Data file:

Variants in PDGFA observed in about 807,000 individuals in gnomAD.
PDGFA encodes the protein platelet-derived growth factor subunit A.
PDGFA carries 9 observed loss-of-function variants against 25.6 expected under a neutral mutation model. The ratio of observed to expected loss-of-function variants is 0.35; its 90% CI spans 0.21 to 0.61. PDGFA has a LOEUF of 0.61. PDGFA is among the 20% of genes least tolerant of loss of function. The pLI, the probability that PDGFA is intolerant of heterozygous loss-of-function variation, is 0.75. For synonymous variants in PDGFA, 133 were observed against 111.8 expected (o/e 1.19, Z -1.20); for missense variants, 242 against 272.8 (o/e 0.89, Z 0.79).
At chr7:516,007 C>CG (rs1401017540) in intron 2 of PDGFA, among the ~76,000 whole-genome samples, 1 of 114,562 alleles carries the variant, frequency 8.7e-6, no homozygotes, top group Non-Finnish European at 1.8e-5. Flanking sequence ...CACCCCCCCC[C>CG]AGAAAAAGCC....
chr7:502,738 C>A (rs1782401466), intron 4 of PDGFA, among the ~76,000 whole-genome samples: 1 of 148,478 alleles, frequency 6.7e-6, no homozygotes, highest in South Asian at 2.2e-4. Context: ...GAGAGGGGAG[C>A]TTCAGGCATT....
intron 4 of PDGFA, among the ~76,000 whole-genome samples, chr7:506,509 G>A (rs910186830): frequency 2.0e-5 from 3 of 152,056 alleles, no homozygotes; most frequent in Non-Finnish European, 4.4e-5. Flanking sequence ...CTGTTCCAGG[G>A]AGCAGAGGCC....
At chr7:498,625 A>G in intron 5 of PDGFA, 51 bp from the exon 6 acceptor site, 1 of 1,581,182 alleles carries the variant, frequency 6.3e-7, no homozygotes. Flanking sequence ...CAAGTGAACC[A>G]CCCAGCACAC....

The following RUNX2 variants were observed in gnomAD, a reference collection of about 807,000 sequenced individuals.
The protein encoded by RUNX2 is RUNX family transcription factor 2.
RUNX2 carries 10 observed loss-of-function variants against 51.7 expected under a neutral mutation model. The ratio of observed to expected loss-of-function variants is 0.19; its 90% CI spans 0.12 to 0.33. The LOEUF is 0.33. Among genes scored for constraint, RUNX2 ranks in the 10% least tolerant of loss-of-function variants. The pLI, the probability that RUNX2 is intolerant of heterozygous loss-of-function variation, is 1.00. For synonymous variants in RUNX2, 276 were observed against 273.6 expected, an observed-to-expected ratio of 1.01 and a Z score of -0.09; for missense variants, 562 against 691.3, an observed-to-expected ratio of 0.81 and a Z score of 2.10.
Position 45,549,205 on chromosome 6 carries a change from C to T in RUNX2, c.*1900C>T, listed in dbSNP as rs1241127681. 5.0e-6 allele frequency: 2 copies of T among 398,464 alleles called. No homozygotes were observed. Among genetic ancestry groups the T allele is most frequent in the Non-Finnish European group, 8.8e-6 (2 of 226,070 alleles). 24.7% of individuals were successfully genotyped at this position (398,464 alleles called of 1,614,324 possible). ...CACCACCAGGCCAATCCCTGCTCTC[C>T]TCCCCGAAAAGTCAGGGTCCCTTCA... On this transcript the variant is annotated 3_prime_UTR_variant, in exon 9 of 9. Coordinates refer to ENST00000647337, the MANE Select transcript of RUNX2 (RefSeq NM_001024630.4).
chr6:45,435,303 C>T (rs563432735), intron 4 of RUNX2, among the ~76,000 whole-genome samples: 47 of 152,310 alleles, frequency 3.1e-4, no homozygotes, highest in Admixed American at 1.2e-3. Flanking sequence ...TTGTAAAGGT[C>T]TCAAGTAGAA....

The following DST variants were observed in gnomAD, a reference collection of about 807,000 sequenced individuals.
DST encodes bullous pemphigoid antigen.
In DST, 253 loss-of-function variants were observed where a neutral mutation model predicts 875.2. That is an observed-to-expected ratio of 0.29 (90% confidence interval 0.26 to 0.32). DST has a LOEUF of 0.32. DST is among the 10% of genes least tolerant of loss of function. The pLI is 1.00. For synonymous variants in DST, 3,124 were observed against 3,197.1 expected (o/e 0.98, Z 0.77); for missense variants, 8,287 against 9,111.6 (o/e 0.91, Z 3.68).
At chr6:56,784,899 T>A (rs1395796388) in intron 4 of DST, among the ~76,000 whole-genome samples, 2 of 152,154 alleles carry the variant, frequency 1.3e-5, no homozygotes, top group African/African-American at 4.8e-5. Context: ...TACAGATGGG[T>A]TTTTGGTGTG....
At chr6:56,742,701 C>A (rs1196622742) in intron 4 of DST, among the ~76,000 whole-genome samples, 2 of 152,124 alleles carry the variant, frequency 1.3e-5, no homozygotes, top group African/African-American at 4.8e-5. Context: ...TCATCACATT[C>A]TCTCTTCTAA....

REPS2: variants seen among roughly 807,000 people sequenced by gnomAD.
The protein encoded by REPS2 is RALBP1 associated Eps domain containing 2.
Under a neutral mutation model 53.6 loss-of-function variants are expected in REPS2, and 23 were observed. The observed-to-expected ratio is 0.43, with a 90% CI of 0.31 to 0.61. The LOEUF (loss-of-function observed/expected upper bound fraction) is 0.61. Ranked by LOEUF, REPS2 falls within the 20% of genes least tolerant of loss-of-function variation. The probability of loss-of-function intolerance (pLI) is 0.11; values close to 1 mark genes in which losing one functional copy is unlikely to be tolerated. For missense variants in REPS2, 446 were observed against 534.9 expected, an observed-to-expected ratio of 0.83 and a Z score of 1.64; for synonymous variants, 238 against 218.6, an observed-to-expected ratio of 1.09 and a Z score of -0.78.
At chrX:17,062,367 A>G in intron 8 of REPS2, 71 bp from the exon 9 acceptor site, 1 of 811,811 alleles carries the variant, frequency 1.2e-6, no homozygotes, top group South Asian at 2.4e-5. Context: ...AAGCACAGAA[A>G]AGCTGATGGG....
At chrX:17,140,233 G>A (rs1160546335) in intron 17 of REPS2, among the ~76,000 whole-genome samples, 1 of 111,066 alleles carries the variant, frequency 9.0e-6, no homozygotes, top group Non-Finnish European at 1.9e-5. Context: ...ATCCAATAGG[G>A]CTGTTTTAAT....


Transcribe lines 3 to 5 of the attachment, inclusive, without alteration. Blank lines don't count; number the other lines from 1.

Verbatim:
PDGFA carries 9 observed loss-of-function variants against 25.6 expected under a neutral mutation model. The ratio of observed to expected loss-of-function variants is 0.35; its 90% CI spans 0.21 to 0.61. PDGFA has a LOEUF of 0.61. PDGFA is among the 20% of genes least tolerant of loss of function. The pLI, the probability that PDGFA is intolerant of heterozygous loss-of-function variation, is 0.75. For synonymous variants in PDGFA, 133 were observed against 111.8 expected (o/e 1.19, Z -1.20); for missense variants, 242 against 272.8 (o/e 0.89, Z 0.79).
At chr7:516,007 C>CG (rs1401017540) in intron 2 of PDGFA, among the ~76,000 whole-genome samples, 1 of 114,562 alleles carries the variant, frequency 8.7e-6, no homozygotes, top group Non-Finnish European at 1.8e-5. Flanking sequence ...CACCCCCCCC[C>CG]AGAAAAAGCC....
chr7:502,738 C>A (rs1782401466), intron 4 of PDGFA, among the ~76,000 whole-genome samples: 1 of 148,478 alleles, frequency 6.7e-6, no homozygotes, highest in South Asian at 2.2e-4. Context: ...GAGAGGGGAG[C>A]TTCAGGCATT....